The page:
Mort Zuckerman: America's Supreme Confidence Has Become a Malaise

A sense of malaise is pervasive.

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Both parties are reeling from the shock of an enraged electorate venting in the primaries. There are eccentric results but there is no doubt the votes reflect dismay at what has been happening to America. The supreme confidence, national pride, and sense of achievement that marked the nation through its first 200 years have been transformed into a mood of doubt. The spasm of hope and idealism that greeted Barack Obama's election two years ago has gone up in smoke. Nearly everyone knows someone who has lost a job or home. They can't help worrying whether they are going to be next and whether their dream of a middle-class lifestyle has evaporated.

Even the wealthiest and most highly educated are anxious at the decline of America's competitiveness. We seem unable to produce new generations of qualified leaders in the fields of science and technology. Our government has been incapable of addressing the nation's problems rationally and constructively. We are haunted that the world is catching up with America; the sense of uniqueness and self-esteem that has been a part of our national character since our founding—and has been amplified since World War II—is steadily eroding.

The problems begin with the economy. So many people accumulated so much debt before the balloon burst, we are in what economists call a balance-sheet recession. It's a bleak contrast to the more traditional inventory recession, where the economy bounces back when the inventory excesses are burned off, as we saw in the 1970s, 1980s, and 1990s.

The baby boomers are particularly vulnerable. Their largest equity asset, namely their home, has dramatically eroded; they worry that if they have to move there may be nobody around to buy their home. A staggering 60 percent of those between the ages of 50 and 61 now indicate they will delay their retirement. They know that they will have to work longer, save more, reduce discretionary expenditures, liquidate their debts, and, in particular, reduce their real estate exposure.

[Read more about unemployment and the economy.]

Lower home and stock market values have reduced household wealth by an estimated $10 trillion over the last several years. Millions of American families have been forced to do what the banks have had to do: the nasty exercise called deleveraging. Families have had to stop spending; the personal savings rate of 2 percent in 2007 has soared to approximately 6 percent today. The pressure to save more and spend less will weaken consumer spending for years, pushing the national recovery toward the horizon.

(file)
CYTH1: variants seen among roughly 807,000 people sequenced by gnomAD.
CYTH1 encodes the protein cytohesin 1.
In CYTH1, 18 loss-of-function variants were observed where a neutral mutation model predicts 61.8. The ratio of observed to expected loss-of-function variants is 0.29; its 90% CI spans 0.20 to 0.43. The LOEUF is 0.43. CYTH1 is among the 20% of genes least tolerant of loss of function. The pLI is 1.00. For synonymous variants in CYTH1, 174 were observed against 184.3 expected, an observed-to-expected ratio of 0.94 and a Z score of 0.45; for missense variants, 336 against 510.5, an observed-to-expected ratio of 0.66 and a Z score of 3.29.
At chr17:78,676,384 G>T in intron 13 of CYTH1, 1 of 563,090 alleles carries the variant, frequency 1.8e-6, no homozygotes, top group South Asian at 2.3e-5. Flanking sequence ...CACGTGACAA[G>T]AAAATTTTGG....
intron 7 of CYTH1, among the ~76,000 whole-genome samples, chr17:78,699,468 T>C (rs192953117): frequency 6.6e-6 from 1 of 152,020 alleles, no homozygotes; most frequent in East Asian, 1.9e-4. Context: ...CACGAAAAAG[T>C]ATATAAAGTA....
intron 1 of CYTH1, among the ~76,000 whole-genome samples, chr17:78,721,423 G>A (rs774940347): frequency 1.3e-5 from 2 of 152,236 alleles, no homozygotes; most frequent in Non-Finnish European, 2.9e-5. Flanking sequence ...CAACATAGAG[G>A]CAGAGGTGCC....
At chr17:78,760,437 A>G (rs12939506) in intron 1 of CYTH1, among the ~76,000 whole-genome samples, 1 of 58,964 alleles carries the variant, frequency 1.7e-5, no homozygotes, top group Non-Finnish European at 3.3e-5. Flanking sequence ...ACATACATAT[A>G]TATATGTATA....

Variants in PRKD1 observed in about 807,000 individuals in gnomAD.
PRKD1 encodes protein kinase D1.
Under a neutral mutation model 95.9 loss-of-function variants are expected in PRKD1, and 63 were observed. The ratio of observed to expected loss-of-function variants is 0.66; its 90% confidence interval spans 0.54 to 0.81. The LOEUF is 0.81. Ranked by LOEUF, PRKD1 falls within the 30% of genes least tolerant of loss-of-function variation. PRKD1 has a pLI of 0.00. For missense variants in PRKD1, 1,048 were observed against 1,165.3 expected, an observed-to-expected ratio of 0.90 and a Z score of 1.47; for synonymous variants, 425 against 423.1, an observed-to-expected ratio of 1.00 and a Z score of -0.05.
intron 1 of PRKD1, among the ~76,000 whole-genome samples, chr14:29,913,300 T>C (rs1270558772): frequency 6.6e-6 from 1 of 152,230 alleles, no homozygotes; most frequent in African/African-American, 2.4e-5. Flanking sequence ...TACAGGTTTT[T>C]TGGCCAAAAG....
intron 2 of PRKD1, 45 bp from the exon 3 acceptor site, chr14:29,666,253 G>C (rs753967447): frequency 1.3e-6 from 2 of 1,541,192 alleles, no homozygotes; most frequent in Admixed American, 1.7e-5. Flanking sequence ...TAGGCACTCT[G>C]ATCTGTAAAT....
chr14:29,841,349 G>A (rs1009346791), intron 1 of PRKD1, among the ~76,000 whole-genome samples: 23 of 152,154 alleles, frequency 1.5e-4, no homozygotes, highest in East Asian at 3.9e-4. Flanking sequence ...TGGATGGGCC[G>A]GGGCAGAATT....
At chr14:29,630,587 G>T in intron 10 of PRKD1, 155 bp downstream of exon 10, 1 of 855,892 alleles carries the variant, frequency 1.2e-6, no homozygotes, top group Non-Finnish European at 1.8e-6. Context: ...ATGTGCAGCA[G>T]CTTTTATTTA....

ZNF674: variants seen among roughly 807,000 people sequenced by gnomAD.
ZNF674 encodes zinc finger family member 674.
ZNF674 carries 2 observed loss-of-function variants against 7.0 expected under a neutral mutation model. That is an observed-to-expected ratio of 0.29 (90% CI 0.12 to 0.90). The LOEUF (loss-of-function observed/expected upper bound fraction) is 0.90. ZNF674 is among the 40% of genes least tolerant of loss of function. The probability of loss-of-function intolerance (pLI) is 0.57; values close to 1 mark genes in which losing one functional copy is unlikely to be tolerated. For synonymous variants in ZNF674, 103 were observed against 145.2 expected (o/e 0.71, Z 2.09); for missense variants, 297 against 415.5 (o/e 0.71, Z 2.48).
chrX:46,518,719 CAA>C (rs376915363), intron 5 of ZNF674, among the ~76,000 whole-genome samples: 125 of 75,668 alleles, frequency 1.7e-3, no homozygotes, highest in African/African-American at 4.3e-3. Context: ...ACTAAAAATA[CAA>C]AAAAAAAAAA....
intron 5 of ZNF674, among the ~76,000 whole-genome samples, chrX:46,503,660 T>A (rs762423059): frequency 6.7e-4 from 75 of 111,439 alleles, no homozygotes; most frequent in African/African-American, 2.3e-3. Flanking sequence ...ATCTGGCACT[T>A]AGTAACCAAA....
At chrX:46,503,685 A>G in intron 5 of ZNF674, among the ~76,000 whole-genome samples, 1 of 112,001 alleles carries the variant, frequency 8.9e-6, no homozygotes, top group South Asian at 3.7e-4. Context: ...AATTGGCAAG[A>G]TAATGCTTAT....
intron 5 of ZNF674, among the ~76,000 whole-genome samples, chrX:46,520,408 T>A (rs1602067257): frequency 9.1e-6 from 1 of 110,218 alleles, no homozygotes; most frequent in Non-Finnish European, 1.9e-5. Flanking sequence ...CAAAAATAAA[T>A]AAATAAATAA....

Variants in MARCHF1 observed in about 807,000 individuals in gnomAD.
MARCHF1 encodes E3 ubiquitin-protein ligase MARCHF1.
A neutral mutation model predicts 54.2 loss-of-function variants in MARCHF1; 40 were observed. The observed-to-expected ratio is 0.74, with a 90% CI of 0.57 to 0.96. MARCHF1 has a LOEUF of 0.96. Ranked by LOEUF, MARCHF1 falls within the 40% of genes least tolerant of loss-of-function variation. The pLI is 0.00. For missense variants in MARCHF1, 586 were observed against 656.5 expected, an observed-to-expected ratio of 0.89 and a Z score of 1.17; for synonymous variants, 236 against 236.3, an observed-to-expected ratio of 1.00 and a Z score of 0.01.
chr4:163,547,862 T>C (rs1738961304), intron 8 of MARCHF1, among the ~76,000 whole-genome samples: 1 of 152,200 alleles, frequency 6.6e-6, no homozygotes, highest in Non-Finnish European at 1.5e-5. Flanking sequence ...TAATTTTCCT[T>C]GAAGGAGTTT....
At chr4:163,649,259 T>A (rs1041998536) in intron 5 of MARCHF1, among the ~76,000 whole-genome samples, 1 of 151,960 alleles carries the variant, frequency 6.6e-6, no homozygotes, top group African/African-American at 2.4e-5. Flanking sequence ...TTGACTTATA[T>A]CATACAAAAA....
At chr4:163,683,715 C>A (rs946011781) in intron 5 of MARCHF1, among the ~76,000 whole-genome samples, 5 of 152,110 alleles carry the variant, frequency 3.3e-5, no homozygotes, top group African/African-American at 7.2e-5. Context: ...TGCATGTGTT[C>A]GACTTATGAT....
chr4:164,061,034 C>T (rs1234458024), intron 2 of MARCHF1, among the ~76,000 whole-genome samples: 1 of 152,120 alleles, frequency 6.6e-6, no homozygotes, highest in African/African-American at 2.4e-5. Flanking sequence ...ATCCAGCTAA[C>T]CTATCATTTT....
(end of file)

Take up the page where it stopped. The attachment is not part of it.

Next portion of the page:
For a significant portion of the population, we have been in a long-term recession marked by real unemployment in the high teens, reduced hours and reduced incomes, not to mention a growing contraction in credit. The traditional family breadwinners, namely men between the ages of 25 and 54, are among those with the highest unemployment rates. They see companies more apt to shed than engage labor, thanks to productivity increases that have been made possible through enhancing technologies. That would normally be good news, but not at the moment.

Consequently every measurement of consumer confidence suggests attitudes consistent with an even more prolonged recession as the surge of government spending from the stimulus program and the need for companies to build back some inventory peter out. Various econometric surveys suggest we'd have been much worse off without the bank rescues and the stimulus, but the public feels there is nothing organic or sustainable to show for the pump priming. It has, however, left one legacy: a deficit much bigger than the one FDR accumulated in the Great Depression. Millions of people who had good private sector jobs now depend on the government for life support. The result is a growing backlash against new fiscal largess, as the accumulation of deficits and debts has become one of the top issues for the American public after the economy and jobs.

The fiscal stimulus program was too small to fill the gigantic hole in the economy, too wasteful, and too ill-focused. This was my view in February of 2009 when I called the stimulus an "unsatisfactory response from Washington: a massive piece of legislation that provides some $800 billion worth of spending and tax cuts but too little job stimulus." It was plain that the Obama administration had let the House Democrats build "a Trojan horse for pet projects promoted by special interest groups, as well as those who want to expand government through new social programs." There was, I wrote, "little apparent connection with economic growth. Everything became stimulus," from Head Start to global warming to tax rebates that were in effect welfare programs.